What’s on the menu at Danny’s Pizza Tavern in Little Italy, an ode to classic American pizzerias
Name: Danny’s Pizza Tavern
Contact: 611 College St., dannyspizzatavern.com, @dannyspizzatavern
Neighbourhood: Little Italy
Owners: Danny Barna, Anna Hopkins and some silent partners
Chefs: Jonathan Pde
Seating: 38 inside, 24 on the patio
Accessibility: Fully accessible
Co-owners Danny Barna and Anna Hopkins both have full-time jobs—he’s an editor, she’s an actor. Yet, as if they weren’t busy enough, the couple decided to open a restaurant. “We wanted to create a friendly neighbourhood-tavern vibe. It’s welcoming to everyone, serviceable for all occasions,” says Barna. “You can come here with your family to crush a pie. Or, if you want to come for a fancy date, you can do that too.”
Danny’s does classic American dining. The signature dish is tavern pie, a thin crust–style pizza cut into small squares, popular in midwestern cities like Chicago and St. Louis. And a lot of the other menu items have a distinct American sensibility: burgers, french fries, caesar salad, mozzarella sticks. To execute the menu, Barna and Hopkins connected with chef Jonathan Pde, who most recently worked in the kitchens at Piano Piano and the Park Hyatt. Here’s a look at what he’s sending out of the kitchen.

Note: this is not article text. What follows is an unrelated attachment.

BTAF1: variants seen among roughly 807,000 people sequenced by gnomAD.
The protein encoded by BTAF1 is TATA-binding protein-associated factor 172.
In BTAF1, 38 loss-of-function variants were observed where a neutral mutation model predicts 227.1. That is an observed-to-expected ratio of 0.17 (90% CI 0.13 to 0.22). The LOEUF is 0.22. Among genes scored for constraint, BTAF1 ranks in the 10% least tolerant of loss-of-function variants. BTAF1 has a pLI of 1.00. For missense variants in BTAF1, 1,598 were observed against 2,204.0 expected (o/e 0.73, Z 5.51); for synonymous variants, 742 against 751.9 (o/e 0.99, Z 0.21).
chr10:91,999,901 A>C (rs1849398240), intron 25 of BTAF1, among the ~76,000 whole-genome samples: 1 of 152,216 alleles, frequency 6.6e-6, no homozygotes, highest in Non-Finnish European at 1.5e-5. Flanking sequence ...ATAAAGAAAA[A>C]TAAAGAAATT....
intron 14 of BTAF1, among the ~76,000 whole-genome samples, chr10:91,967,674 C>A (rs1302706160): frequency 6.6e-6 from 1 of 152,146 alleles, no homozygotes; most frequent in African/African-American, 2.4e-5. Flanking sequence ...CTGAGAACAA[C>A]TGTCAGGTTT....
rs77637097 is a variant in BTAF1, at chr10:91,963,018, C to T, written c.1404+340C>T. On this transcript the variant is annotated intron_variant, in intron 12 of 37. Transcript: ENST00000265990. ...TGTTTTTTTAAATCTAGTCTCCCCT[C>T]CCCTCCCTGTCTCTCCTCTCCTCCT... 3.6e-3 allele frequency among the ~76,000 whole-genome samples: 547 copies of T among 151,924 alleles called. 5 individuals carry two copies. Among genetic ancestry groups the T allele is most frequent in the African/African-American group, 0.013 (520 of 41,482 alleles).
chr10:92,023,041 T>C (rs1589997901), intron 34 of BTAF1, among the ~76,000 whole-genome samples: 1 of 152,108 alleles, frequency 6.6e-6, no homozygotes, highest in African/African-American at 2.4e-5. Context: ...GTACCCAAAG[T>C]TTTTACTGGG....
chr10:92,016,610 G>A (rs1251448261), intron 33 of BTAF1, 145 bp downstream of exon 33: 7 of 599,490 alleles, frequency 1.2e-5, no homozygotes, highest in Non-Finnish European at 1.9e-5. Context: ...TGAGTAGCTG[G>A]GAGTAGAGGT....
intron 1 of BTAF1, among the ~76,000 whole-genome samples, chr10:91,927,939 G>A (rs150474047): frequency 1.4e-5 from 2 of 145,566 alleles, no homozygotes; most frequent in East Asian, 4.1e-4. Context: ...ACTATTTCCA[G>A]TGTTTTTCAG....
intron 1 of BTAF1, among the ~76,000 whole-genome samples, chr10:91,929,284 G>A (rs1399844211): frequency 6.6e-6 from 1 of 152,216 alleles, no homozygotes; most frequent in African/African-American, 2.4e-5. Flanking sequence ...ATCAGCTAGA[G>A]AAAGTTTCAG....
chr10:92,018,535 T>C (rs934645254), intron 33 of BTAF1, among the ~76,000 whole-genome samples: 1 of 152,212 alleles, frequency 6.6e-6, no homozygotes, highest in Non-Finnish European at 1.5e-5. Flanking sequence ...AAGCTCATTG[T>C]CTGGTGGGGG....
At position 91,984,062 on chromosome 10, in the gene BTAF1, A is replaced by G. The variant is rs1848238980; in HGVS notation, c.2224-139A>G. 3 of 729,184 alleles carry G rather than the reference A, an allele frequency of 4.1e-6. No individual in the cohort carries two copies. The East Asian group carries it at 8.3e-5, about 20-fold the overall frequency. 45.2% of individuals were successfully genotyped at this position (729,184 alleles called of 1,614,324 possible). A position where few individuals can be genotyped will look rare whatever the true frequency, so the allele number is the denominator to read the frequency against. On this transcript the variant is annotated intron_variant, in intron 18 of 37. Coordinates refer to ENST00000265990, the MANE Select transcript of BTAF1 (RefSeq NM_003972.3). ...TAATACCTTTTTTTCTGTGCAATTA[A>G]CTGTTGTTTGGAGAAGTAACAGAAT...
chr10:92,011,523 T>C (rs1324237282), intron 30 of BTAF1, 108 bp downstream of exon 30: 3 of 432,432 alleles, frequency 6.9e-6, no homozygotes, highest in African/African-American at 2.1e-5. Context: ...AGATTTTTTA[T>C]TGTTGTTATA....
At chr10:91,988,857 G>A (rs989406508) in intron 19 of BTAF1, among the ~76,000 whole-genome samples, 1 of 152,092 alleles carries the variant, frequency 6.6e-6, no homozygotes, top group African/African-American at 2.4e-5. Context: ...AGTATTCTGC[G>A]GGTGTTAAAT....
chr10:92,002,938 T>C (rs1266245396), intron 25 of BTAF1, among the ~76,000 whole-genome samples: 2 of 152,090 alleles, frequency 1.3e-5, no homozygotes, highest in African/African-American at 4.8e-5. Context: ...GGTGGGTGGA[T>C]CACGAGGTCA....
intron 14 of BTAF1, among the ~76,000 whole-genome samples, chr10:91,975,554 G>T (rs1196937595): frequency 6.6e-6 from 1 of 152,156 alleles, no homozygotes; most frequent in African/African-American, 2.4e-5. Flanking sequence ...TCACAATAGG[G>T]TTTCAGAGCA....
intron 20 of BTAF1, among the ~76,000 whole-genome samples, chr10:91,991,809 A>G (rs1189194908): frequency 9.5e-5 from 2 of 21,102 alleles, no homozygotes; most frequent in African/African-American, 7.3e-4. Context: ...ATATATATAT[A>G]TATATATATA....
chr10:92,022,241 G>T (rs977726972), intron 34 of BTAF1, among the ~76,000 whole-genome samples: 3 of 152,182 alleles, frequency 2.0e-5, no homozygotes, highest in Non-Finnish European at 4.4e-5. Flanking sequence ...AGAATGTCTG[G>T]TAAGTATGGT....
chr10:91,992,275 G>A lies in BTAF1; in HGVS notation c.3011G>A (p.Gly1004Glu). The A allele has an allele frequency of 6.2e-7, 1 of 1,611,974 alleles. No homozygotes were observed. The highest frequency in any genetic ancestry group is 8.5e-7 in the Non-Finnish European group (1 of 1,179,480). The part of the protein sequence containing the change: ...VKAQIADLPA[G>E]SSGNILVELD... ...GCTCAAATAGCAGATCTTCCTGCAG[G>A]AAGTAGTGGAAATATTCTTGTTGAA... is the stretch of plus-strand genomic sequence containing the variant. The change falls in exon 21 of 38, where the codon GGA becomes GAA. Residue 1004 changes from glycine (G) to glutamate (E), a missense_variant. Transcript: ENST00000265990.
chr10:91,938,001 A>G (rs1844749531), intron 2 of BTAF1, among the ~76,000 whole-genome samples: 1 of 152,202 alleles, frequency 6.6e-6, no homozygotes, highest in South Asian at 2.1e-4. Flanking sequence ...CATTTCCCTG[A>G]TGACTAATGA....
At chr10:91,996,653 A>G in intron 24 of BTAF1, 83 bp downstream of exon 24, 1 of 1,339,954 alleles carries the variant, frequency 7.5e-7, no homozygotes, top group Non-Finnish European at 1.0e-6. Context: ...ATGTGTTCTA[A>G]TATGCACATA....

For beverage options, Danny’s offers local beer (plus Moretti) on tap, an interesting wine list that ranges from spendy bottles to chuggable by-the-glass options, and classic cocktails (including what may be the city’s biggest Aperol spritz).
Back in May, Barna and Hopkins took out a five-year lease on the space formerly occupied by Virtuous Pizza, which came with a pizza oven. Most of the 1,400-square-foot interior needed an overhaul, so they got to work, adding wood-panel walls and finger-flute banquettes. For the decor, Barna and Hopkins borrowed inspiration from classic American taverns: candles, stained glass, paintings, family photos.
“We’re trying to create something that feels warm, cozy and lived in, not austere and frigid,” says Barna. “We made sure that most of the pieces on the wall had some sort of personal significance to us. It would have felt disingenuous to go on Amazon for a week and stuff this place with crap.”